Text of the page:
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Should Corporate Whistleblowers Get Big Pay Offs?

Have the Dodd-Frank financial reforms made it too easy for whistleblowers? Believe it or not, some critics are claiming this, citing the fact that the Dodd-Frank allows whistleblowers to receive a share of federal penalties or fines levied. In May, under the Dodd-Frank law, the SEC announced a program to make payments to whistleblowers who tips lead to at least $1 million fines, and the whistleblowers aren't required to file internal complaints with their employers first.

But all it takes is a look at the Bernard Madoff scandal to know that the Dodd-Frank incentives aren't superfluous--but absolutely necessary. The wreckage that occurs when the smart people fail to say something is made vivid in the best Madoff book to date--Wizard of Lies by Diana B. Henriques.

The extraordinary reporting in her account includes the author's interviews with Madoff, family members, government regulators, whistleblowers, and other key players in the case. Henriques recounts how incredibly savvy financiers were willingly duped and refused to accept the obvious.

Even as Madoff's scheme is collapsing, Madoff scolds hedge fund managers and investors like Jeffrey Tucker and Walter Noel, who then send Bernie a fawning note even as they suspect something is going afoul. Hedge fund manager Sandra Manske poured most of her clients' funds into Madoff even while she worried that "Madoff exposure was a potential disaster." Fred Wilpon and his family--New York real estate developers and owners of The New York Mets--didn't see or say anything, expanding their investments with Madoff even as his returns outperformed the profits of fantasy.

And when smart people did see and say something, they couldn't get the most important people to take action. As has been well-reported, the Securities and Exchange Commission received formal complaints, including dozens of detailed analyses from quant analyst Harry Markopolos. Even when Barron's ran a skeptical piece about Madoff, one so pointed that Madoff himself expected it would trigger an SEC investigation, no significant authorities picked up on it, nor did prominent Madoff investors respond.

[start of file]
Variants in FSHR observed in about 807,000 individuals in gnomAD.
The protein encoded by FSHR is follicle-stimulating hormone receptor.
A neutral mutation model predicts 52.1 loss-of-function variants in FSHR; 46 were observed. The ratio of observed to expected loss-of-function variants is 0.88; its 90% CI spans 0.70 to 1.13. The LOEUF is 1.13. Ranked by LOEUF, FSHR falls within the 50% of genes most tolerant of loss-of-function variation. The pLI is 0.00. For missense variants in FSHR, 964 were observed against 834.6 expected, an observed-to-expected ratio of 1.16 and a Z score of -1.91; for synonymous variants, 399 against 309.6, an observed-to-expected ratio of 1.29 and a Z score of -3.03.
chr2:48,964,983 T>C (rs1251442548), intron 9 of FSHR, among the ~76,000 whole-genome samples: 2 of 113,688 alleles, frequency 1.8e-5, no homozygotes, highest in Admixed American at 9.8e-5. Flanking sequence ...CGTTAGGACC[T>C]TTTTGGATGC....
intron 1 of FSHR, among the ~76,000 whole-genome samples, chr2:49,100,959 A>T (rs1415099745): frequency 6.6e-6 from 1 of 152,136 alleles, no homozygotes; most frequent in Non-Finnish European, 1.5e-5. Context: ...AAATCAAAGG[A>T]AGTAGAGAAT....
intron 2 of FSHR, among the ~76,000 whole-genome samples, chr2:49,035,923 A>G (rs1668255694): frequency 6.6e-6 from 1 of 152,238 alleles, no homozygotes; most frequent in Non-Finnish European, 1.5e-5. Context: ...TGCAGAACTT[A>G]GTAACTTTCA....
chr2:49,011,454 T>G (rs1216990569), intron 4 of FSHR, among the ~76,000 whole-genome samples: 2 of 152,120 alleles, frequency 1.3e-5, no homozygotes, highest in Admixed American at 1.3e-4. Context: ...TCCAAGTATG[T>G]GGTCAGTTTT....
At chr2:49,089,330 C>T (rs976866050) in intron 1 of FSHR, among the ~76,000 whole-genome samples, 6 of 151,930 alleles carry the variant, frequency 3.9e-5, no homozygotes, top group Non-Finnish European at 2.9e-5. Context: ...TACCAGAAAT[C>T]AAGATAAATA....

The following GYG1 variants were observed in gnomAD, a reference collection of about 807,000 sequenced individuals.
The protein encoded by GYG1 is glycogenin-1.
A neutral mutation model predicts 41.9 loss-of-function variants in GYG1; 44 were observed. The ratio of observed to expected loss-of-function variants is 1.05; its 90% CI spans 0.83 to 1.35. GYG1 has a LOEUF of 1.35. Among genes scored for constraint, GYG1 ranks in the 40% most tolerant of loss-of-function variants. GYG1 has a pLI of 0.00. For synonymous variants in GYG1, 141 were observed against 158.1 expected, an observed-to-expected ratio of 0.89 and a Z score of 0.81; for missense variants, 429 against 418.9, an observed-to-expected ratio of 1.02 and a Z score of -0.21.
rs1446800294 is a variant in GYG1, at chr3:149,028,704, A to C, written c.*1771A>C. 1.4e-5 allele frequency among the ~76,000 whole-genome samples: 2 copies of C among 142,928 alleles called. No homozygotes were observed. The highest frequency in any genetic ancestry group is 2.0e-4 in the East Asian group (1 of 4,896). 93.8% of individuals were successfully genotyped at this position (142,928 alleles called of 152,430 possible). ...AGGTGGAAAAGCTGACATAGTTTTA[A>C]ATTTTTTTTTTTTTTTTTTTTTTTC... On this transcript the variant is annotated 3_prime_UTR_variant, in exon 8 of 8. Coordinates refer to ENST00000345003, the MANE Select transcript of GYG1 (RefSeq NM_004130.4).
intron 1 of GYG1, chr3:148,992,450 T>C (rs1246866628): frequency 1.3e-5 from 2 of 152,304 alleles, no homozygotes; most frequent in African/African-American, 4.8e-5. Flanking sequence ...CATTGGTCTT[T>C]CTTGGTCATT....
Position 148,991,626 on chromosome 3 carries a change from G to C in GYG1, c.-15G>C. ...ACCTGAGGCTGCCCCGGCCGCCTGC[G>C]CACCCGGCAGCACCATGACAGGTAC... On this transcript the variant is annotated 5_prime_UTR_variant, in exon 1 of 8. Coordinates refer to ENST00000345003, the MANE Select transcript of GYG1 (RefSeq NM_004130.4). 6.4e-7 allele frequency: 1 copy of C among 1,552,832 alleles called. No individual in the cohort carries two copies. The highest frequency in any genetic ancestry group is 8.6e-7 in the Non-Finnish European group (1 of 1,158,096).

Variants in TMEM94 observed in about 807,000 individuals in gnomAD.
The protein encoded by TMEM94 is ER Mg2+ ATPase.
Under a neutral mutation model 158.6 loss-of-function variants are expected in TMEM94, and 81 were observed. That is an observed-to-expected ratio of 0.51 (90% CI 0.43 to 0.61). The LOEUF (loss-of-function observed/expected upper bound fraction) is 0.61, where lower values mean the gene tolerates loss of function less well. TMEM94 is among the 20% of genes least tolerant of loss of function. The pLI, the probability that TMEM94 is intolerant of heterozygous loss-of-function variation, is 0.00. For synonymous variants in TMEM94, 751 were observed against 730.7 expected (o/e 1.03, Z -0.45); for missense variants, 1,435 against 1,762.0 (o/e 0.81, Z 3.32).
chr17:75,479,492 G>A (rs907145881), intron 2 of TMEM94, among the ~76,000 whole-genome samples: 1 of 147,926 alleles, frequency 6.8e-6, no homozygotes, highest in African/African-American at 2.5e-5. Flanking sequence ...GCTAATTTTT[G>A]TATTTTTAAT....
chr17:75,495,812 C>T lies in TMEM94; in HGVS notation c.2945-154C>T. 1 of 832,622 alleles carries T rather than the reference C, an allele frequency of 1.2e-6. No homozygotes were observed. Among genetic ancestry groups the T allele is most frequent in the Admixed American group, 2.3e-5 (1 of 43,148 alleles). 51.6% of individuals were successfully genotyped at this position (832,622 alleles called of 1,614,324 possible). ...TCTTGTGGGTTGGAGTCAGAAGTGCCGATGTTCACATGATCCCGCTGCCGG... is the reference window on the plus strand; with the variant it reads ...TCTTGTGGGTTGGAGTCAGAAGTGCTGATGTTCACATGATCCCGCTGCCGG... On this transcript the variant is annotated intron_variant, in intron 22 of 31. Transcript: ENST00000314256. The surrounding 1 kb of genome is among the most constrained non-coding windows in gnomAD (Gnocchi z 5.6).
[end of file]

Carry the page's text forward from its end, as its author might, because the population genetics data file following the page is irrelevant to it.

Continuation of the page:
What does this say to you as a manager or entrepreneur? Many of us have an experience where we witness a practice that we believe could be wrong ethically or legally. Do we say something? Whom do we say it to? How do we do something?

Many corporate compliance and ethics processes are thinly-funded with no bite or clout. Organizational expert Michael O'Malley, author of The Wisdom of Bees (Portfolio/Viking) and CEO of Promontory Financial Human Resource Solutions, told me, "Whistleblowers emerge when there is endemic incompetence and corruption with no strong corporate oversight or internal mechanisms to air grievances. The mere existence of whistleblowers is an index of a putrid, oppressive culture."
The key to a corporate culture that addresses and solves difficult issues (whether in the financial services or other industries) is that phrase: "the internal mechanism to air grievances." If you're considering a new job or have questions about your own company, see what you can learn about the firm's grievance procedures, and how it presents the oversight role of corporate boards.

Herb Schaffner is president of Schaffner Media Partners, a consultancy specializing in business, finance, and public affairs publishing expertise, and is found on Facebook. He has been a publisher and editor-in-chief at McGraw-Hill, and a senior editor at HarperCollins. Follow him on Twitter.
photo by mira66.